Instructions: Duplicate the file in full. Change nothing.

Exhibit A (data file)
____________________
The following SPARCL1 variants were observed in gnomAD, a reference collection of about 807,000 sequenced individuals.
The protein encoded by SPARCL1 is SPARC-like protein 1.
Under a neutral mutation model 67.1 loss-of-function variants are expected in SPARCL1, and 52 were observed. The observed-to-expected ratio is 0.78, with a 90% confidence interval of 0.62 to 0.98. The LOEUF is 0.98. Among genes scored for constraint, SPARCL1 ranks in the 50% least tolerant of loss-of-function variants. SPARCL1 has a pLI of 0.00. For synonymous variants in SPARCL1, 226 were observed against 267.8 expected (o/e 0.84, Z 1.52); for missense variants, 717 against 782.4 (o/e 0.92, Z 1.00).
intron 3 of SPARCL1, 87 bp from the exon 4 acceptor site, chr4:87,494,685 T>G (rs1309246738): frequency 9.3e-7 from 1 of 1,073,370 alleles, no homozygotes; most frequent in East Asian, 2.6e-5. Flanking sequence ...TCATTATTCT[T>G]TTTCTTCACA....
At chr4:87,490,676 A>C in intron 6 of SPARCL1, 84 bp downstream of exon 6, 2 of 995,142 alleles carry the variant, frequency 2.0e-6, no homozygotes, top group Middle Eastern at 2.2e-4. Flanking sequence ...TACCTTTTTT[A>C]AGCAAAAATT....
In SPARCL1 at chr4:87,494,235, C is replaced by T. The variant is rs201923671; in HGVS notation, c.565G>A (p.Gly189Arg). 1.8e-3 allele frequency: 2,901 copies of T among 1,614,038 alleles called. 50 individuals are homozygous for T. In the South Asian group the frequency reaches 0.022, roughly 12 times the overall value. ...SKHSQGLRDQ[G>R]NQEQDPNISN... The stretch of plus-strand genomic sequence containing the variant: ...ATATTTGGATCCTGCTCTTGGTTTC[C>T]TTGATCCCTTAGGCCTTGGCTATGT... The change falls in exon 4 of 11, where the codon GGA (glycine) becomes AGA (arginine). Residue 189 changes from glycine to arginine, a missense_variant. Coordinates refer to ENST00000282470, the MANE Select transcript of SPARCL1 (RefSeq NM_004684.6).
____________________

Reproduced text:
The following SPARCL1 variants were observed in gnomAD, a reference collection of about 807,000 sequenced individuals.
The protein encoded by SPARCL1 is SPARC-like protein 1.
Under a neutral mutation model 67.1 loss-of-function variants are expected in SPARCL1, and 52 were observed. The observed-to-expected ratio is 0.78, with a 90% confidence interval of 0.62 to 0.98. The LOEUF is 0.98. Among genes scored for constraint, SPARCL1 ranks in the 50% least tolerant of loss-of-function variants. SPARCL1 has a pLI of 0.00. For synonymous variants in SPARCL1, 226 were observed against 267.8 expected (o/e 0.84, Z 1.52); for missense variants, 717 against 782.4 (o/e 0.92, Z 1.00).
intron 3 of SPARCL1, 87 bp from the exon 4 acceptor site, chr4:87,494,685 T>G (rs1309246738): frequency 9.3e-7 from 1 of 1,073,370 alleles, no homozygotes; most frequent in East Asian, 2.6e-5. Flanking sequence ...TCATTATTCT[T>G]TTTCTTCACA....
At chr4:87,490,676 A>C in intron 6 of SPARCL1, 84 bp downstream of exon 6, 2 of 995,142 alleles carry the variant, frequency 2.0e-6, no homozygotes, top group Middle Eastern at 2.2e-4. Flanking sequence ...TACCTTTTTT[A>C]AGCAAAAATT....
In SPARCL1 at chr4:87,494,235, C is replaced by T. The variant is rs201923671; in HGVS notation, c.565G>A (p.Gly189Arg). 1.8e-3 allele frequency: 2,901 copies of T among 1,614,038 alleles called. 50 individuals are homozygous for T. In the South Asian group the frequency reaches 0.022, roughly 12 times the overall value. ...SKHSQGLRDQ[G>R]NQEQDPNISN... The stretch of plus-strand genomic sequence containing the variant: ...ATATTTGGATCCTGCTCTTGGTTTC[C>T]TTGATCCCTTAGGCCTTGGCTATGT... The change falls in exon 4 of 11, where the codon GGA (glycine) becomes AGA (arginine). Residue 189 changes from glycine to arginine, a missense_variant. Coordinates refer to ENST00000282470, the MANE Select transcript of SPARCL1 (RefSeq NM_004684.6).